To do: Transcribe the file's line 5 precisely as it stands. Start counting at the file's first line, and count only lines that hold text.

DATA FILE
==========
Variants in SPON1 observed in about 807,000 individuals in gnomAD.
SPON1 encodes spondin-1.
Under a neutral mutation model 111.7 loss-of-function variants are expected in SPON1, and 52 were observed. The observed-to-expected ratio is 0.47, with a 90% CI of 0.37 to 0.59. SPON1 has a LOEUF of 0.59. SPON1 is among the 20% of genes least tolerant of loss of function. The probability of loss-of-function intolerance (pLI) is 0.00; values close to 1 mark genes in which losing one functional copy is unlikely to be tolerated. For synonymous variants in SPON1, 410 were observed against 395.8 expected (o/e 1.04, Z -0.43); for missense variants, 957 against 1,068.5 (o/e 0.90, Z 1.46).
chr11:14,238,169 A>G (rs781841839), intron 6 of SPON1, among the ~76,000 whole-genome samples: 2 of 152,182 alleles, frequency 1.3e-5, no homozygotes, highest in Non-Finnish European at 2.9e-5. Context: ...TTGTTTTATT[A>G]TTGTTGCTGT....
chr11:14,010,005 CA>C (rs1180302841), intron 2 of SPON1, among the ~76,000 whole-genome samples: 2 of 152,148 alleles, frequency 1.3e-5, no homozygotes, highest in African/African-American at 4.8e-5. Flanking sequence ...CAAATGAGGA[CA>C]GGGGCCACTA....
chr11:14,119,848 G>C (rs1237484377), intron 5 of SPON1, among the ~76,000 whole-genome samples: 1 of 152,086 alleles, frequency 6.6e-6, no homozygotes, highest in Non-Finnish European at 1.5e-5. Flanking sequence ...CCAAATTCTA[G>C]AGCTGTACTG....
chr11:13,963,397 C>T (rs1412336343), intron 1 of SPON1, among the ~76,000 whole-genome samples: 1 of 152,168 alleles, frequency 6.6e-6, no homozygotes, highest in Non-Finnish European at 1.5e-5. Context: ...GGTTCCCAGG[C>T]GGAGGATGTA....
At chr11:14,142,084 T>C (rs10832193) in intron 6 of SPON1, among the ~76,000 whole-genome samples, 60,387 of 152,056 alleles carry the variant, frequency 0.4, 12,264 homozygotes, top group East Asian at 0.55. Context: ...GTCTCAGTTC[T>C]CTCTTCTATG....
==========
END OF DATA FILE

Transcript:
chr11:14,010,005 CA>C (rs1180302841), intron 2 of SPON1, among the ~76,000 whole-genome samples: 2 of 152,148 alleles, frequency 1.3e-5, no homozygotes, highest in African/African-American at 4.8e-5. Flanking sequence ...CAAATGAGGA[CA>C]GGGGCCACTA....